Minor in WGS

Requirements for Minor

A Women's and Gender Studies minor consists of at least 15 credits in Women's and Gender Studies courses (core, co-listed, and cross-listed) with a grade of C- or better in each course and a cumulative GPA of at least 2.0 in WGS courses. These credits must include at least 9 at the 300 level or above. All minors must complete WGS 201: Introduction to Women's and Gender Studies, WGS 301: Feminist Inquiries, and at least one other WGS core course. 


How are our lives shaped by gender? This course introduces students to the ways in which Women's and Gender Studies as an interdisciplinary field examines conceptions of masculinity and femininity; gender relations; gender inequalities; the intersections of gender with other categories of identity such as class, race, sexuality, and stages in the life cycle; and the broad impact of gender on society (including political, legal, economic, and religious arenas).

This course studies the history of feminist thought and the ways in which feminist inquiry transforms our understanding of key issues across the curriculum. This course will focus on global, transnational trends and theories that have shaped the dynamic paths of feminist inquiries. We will study what it means to be a feminist by situating the discourse in broader political and historical contexts. We will focus not only on feminist writings emanating from the United States, but since we live in an increasingly globalized world, also travel elsewhere to understand what inquiries and thoughts animate feminist theories and praxis in parts of the global south. Reading classic and contemporary feminist scholarship from a diversity of disciplinary backgrounds we will address questions of rights, equality, nature of oppression and difference. We will discuss the dynamic, historical and changing nature of feminist contributions to the understanding of what constitutes work and family, inscriptions on body, sex, sexualities, and gender. Transnational trends such as the globalized economy, developments and access to new reproductive technologies, will enable us to understand the historical intersections between different feminist movements, and how political, social, and economic structures of race, sexuality, gender and class shape the rich and complex fabric of feminist inquiries. Drawing on interdisciplinary feminist texts in history, anthropology, literary theory and literature, films, visuals, primary documents such as speeches and manifestos, the course will enable us to appreciate the diversity of feminist scholarship and activism that shape feminist inquiries. This is a writing credit course.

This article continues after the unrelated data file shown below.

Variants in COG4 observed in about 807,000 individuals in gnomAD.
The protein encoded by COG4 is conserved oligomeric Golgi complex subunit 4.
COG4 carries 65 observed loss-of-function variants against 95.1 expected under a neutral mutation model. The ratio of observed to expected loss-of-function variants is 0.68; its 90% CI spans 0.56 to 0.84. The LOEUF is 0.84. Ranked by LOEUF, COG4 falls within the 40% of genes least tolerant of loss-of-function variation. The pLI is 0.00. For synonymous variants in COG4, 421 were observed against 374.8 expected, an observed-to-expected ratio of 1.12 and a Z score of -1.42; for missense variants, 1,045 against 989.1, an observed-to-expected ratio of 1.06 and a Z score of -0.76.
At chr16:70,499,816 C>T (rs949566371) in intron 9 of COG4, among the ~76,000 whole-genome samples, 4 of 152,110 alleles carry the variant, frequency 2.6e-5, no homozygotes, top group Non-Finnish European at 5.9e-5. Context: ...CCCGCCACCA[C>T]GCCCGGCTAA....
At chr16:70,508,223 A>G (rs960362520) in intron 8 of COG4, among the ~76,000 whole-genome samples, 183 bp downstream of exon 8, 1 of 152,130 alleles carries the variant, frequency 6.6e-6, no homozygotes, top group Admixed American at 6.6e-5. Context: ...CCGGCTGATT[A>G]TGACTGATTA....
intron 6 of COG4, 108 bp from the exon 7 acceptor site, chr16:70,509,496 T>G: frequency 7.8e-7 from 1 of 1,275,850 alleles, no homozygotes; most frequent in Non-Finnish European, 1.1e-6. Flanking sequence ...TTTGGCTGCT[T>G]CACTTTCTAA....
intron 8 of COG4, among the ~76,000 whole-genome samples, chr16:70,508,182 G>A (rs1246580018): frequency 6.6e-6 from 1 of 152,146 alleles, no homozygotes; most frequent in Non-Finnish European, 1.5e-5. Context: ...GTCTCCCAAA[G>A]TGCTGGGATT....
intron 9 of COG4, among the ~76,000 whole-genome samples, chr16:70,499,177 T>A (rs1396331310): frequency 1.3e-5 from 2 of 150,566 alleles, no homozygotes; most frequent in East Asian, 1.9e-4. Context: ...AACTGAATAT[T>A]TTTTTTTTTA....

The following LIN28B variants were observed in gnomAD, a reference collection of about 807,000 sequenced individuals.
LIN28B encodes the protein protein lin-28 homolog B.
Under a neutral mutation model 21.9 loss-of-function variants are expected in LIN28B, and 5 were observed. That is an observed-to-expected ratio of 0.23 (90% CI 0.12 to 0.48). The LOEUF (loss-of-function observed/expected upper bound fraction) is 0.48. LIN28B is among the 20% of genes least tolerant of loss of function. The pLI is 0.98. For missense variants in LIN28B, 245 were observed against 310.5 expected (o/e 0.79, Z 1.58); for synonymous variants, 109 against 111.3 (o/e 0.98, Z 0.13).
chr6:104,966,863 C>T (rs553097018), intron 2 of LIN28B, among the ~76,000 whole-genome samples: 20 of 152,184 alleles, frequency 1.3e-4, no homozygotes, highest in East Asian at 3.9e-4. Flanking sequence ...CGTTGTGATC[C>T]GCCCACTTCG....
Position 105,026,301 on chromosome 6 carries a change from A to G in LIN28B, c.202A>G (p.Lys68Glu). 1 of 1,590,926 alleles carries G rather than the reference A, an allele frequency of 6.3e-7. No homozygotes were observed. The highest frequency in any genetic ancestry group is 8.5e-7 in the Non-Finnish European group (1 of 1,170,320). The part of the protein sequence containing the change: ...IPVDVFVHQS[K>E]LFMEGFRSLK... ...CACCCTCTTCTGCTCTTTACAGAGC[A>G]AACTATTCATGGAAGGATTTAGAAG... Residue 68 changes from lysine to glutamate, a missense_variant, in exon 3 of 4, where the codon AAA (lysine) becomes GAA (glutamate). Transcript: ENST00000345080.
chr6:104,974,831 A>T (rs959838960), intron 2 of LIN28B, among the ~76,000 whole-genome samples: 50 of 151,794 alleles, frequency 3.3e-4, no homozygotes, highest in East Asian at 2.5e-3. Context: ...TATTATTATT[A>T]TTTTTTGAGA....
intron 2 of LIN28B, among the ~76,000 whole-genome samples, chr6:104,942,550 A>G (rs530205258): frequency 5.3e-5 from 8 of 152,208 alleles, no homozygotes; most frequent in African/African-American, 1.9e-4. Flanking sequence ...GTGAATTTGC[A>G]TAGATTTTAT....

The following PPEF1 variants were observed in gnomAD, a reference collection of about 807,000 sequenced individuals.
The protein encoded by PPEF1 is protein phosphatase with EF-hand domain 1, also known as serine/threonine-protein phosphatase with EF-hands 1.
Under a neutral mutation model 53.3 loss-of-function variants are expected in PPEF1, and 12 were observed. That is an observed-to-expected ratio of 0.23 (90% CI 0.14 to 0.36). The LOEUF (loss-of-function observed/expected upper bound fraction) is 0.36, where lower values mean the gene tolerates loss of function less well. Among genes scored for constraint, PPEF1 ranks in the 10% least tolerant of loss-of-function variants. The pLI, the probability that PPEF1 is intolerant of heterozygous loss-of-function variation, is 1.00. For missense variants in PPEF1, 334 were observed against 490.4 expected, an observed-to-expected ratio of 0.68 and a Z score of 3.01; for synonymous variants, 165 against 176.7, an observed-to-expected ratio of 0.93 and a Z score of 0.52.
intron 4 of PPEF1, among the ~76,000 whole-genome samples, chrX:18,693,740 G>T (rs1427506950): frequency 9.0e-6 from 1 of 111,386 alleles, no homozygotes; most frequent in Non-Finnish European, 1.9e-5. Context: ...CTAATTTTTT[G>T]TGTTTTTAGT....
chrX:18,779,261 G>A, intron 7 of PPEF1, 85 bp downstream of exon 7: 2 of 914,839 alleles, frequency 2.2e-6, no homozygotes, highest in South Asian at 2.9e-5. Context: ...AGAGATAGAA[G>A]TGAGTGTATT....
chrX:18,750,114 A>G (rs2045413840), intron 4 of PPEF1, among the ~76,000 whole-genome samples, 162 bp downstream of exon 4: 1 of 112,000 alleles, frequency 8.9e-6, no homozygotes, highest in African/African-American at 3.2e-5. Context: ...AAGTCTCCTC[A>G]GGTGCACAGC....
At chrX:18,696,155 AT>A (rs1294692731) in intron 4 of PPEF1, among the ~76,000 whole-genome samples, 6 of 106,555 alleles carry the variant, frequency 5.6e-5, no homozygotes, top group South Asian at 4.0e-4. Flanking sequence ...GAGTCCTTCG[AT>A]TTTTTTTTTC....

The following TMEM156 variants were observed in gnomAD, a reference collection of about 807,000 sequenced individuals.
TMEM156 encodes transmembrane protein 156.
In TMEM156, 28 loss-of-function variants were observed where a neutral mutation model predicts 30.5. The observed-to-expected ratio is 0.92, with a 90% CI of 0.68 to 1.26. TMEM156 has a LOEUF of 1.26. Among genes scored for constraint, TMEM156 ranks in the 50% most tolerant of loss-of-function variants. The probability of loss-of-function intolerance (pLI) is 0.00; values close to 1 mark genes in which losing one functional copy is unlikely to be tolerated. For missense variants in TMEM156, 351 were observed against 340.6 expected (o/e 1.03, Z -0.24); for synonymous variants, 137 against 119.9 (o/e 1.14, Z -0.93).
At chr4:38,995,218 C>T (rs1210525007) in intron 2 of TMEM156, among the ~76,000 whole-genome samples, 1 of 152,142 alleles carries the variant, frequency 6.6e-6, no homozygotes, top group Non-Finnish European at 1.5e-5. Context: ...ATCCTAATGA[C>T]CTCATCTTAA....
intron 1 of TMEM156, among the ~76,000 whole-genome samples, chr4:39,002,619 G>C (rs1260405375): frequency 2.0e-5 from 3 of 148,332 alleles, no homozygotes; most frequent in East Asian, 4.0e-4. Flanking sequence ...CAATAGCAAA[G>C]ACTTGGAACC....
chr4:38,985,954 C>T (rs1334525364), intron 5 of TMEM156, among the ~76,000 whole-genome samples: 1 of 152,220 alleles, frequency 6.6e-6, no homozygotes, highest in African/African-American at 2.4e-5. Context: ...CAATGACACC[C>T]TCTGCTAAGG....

WGS Fall 2018 Course Listings

Image of the WGS Fall 2018 course booklet

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